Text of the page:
A year since it started, Greater Western Water’s gender-neutral parental leave policy is achieving its goal of breaking down stereotypes.
Of the 31 employees who have used the policy so far this year, more than half (17) have been male.
The policy was updated in October 2022 to remove the concept of primary and secondary carers, allowing every employee to access 16 weeks paid parental leave in up to three blocks over two years.
Employees were also able to access parental leave with no wait period and a superannuation top up on return. IVF treatment, foster care placement and pregnancy bereavement are also included.
GWW’s Chief People Officer, Louise Meadows, said the organisation was proud to see parents taking up the policy.
“We strive to be a family friendly organisation because we know how much that means to our people,” she said.
“We took the opportunity to replace the old, outdated policy to remove the idea of ‘primary’ carers, because we knew this was reinforcing old gender stereotypes. I’m so happy to see this policy creating the positive change we hoped for as a progressive, diverse and thriving organisation.”
GWW Operations Centre Team Leader James Hibbert took parental leave earlier this year to welcome his son Liam into the world. It’s James’ second child – he’s also the proud dad of 2-and-a-half-year-old Ariana.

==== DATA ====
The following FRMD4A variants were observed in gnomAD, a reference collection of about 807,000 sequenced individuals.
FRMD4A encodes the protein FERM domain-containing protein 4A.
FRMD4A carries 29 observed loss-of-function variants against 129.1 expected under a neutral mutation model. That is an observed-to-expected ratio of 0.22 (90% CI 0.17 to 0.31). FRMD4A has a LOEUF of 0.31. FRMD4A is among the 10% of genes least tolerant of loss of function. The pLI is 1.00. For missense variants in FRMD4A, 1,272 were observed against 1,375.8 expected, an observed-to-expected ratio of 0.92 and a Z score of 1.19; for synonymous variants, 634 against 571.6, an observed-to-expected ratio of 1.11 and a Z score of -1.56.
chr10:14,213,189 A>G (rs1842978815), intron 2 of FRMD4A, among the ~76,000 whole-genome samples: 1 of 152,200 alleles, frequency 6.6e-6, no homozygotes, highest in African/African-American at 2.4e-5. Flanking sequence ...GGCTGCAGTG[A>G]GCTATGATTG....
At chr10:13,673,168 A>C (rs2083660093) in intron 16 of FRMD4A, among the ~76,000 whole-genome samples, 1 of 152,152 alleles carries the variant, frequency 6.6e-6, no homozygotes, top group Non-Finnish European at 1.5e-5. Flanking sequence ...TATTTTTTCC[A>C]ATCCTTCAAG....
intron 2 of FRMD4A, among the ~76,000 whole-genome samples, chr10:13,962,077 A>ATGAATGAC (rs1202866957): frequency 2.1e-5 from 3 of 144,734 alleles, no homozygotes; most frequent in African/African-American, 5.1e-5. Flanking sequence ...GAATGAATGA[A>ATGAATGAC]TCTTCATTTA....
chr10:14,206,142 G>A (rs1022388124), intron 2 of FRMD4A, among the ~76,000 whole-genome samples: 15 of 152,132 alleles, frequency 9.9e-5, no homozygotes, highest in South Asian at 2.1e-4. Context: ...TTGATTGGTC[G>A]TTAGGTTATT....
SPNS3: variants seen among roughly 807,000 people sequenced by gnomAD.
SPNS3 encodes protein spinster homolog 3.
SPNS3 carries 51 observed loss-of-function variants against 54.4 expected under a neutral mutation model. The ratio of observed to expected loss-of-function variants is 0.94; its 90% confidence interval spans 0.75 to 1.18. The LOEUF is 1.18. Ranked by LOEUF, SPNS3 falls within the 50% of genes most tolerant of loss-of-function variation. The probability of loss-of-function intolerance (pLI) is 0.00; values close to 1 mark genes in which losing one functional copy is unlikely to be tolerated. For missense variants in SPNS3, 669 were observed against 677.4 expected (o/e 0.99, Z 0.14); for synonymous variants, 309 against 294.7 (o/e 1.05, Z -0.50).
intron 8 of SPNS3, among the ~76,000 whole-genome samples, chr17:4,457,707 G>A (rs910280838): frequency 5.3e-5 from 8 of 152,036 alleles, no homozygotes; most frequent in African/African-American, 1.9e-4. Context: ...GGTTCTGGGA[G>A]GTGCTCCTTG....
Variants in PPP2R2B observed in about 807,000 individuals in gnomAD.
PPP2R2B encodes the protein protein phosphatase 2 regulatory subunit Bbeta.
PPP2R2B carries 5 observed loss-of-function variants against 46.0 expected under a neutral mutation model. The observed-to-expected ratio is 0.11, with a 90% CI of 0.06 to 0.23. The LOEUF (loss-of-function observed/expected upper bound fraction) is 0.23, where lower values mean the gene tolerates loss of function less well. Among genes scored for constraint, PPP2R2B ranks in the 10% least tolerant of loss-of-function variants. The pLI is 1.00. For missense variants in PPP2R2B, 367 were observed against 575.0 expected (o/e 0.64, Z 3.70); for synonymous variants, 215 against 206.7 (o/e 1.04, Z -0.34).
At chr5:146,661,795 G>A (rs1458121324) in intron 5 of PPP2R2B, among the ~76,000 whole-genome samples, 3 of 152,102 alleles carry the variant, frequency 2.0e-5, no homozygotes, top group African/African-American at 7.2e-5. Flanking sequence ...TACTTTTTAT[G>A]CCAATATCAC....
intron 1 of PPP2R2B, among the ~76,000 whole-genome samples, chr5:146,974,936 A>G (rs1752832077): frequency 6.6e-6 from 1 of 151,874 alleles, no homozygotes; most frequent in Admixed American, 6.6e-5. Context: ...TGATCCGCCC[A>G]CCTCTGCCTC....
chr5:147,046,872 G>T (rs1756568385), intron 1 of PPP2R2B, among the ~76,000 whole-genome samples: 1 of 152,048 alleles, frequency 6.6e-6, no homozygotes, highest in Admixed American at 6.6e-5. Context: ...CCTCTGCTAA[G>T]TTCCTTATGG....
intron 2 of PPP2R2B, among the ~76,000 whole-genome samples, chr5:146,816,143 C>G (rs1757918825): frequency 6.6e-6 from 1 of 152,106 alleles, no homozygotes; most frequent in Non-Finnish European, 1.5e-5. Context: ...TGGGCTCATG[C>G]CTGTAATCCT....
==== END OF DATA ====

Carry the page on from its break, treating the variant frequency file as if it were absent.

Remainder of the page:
He took an initial four weeks leave and a fortnight of annual leave, starting end of May, so he could be there for the “busy and exciting transition time” of Liam’s birth and first six weeks.
“I also wanted to save some parental leave for when he is a bit older to allow for my wife to be able to get back into the workforce,” he said.
James said his parental leave was extremely well received and needed, especially as he and his wife’s families live largely overseas.
“The policy was a huge help for my family. I feel blessed to have been able to spend that important time being there with my family and my son. I don’t think I would have been able to manage all the competing demands of my busy work life and personal life without having dedicated time off,” he said.
“The best experience for me was the birth and excitement when the doctor lifted up my baby to show we had a son. The other great experience was just being here for my daughter in the transition and for her to feel like she wasn’t forgotten and was able to understand what was happening.”
So, would James encourage others to take up parental leave?
“Absolutely. Having leave for this moment in time is fantastic to be there for your baby and create those memories that just cannot be replaced. It leaves you with the ability to be as present in the moment without competing priorities and concerns.”